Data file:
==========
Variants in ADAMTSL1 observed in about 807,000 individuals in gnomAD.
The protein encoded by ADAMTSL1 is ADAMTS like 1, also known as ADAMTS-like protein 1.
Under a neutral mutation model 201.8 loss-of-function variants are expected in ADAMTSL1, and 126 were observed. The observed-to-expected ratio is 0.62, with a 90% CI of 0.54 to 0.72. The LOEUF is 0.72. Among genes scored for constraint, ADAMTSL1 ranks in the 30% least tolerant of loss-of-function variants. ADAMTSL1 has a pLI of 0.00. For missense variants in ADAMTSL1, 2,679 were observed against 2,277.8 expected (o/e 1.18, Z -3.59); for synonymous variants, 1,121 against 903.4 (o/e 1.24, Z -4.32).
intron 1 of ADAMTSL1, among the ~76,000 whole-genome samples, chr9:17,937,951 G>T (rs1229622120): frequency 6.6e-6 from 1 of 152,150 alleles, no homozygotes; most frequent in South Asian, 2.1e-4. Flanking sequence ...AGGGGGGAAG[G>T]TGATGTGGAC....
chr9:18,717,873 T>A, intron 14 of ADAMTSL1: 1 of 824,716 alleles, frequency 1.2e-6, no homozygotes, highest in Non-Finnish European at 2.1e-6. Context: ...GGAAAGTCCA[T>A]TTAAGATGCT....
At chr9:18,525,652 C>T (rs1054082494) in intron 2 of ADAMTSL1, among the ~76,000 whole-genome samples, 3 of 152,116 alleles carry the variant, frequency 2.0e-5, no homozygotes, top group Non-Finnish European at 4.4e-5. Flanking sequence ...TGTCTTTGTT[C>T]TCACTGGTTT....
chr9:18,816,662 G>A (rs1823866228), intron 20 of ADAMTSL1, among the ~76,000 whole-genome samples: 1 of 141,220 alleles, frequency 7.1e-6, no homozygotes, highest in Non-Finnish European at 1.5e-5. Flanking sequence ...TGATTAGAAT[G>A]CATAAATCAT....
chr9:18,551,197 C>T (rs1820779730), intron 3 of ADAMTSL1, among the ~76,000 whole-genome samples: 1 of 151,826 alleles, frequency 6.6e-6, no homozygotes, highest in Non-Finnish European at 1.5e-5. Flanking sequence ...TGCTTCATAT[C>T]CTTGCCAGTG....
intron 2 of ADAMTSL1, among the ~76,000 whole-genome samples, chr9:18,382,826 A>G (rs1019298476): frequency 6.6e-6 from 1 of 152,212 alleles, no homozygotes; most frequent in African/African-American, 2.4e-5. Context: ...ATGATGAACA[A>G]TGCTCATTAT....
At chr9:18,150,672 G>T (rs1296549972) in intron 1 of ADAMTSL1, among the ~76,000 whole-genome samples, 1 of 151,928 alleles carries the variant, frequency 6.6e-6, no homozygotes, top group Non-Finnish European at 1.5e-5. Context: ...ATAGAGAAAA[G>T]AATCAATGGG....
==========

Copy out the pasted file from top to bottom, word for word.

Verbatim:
Variants in ADAMTSL1 observed in about 807,000 individuals in gnomAD.
The protein encoded by ADAMTSL1 is ADAMTS like 1, also known as ADAMTS-like protein 1.
Under a neutral mutation model 201.8 loss-of-function variants are expected in ADAMTSL1, and 126 were observed. The observed-to-expected ratio is 0.62, with a 90% CI of 0.54 to 0.72. The LOEUF is 0.72. Among genes scored for constraint, ADAMTSL1 ranks in the 30% least tolerant of loss-of-function variants. ADAMTSL1 has a pLI of 0.00. For missense variants in ADAMTSL1, 2,679 were observed against 2,277.8 expected (o/e 1.18, Z -3.59); for synonymous variants, 1,121 against 903.4 (o/e 1.24, Z -4.32).
intron 1 of ADAMTSL1, among the ~76,000 whole-genome samples, chr9:17,937,951 G>T (rs1229622120): frequency 6.6e-6 from 1 of 152,150 alleles, no homozygotes; most frequent in South Asian, 2.1e-4. Flanking sequence ...AGGGGGGAAG[G>T]TGATGTGGAC....
chr9:18,717,873 T>A, intron 14 of ADAMTSL1: 1 of 824,716 alleles, frequency 1.2e-6, no homozygotes, highest in Non-Finnish European at 2.1e-6. Context: ...GGAAAGTCCA[T>A]TTAAGATGCT....
At chr9:18,525,652 C>T (rs1054082494) in intron 2 of ADAMTSL1, among the ~76,000 whole-genome samples, 3 of 152,116 alleles carry the variant, frequency 2.0e-5, no homozygotes, top group Non-Finnish European at 4.4e-5. Flanking sequence ...TGTCTTTGTT[C>T]TCACTGGTTT....
chr9:18,816,662 G>A (rs1823866228), intron 20 of ADAMTSL1, among the ~76,000 whole-genome samples: 1 of 141,220 alleles, frequency 7.1e-6, no homozygotes, highest in Non-Finnish European at 1.5e-5. Flanking sequence ...TGATTAGAAT[G>A]CATAAATCAT....
chr9:18,551,197 C>T (rs1820779730), intron 3 of ADAMTSL1, among the ~76,000 whole-genome samples: 1 of 151,826 alleles, frequency 6.6e-6, no homozygotes, highest in Non-Finnish European at 1.5e-5. Flanking sequence ...TGCTTCATAT[C>T]CTTGCCAGTG....
intron 2 of ADAMTSL1, among the ~76,000 whole-genome samples, chr9:18,382,826 A>G (rs1019298476): frequency 6.6e-6 from 1 of 152,212 alleles, no homozygotes; most frequent in African/African-American, 2.4e-5. Context: ...ATGATGAACA[A>G]TGCTCATTAT....
At chr9:18,150,672 G>T (rs1296549972) in intron 1 of ADAMTSL1, among the ~76,000 whole-genome samples, 1 of 151,928 alleles carries the variant, frequency 6.6e-6, no homozygotes, top group Non-Finnish European at 1.5e-5. Context: ...ATAGAGAAAA[G>T]AATCAATGGG....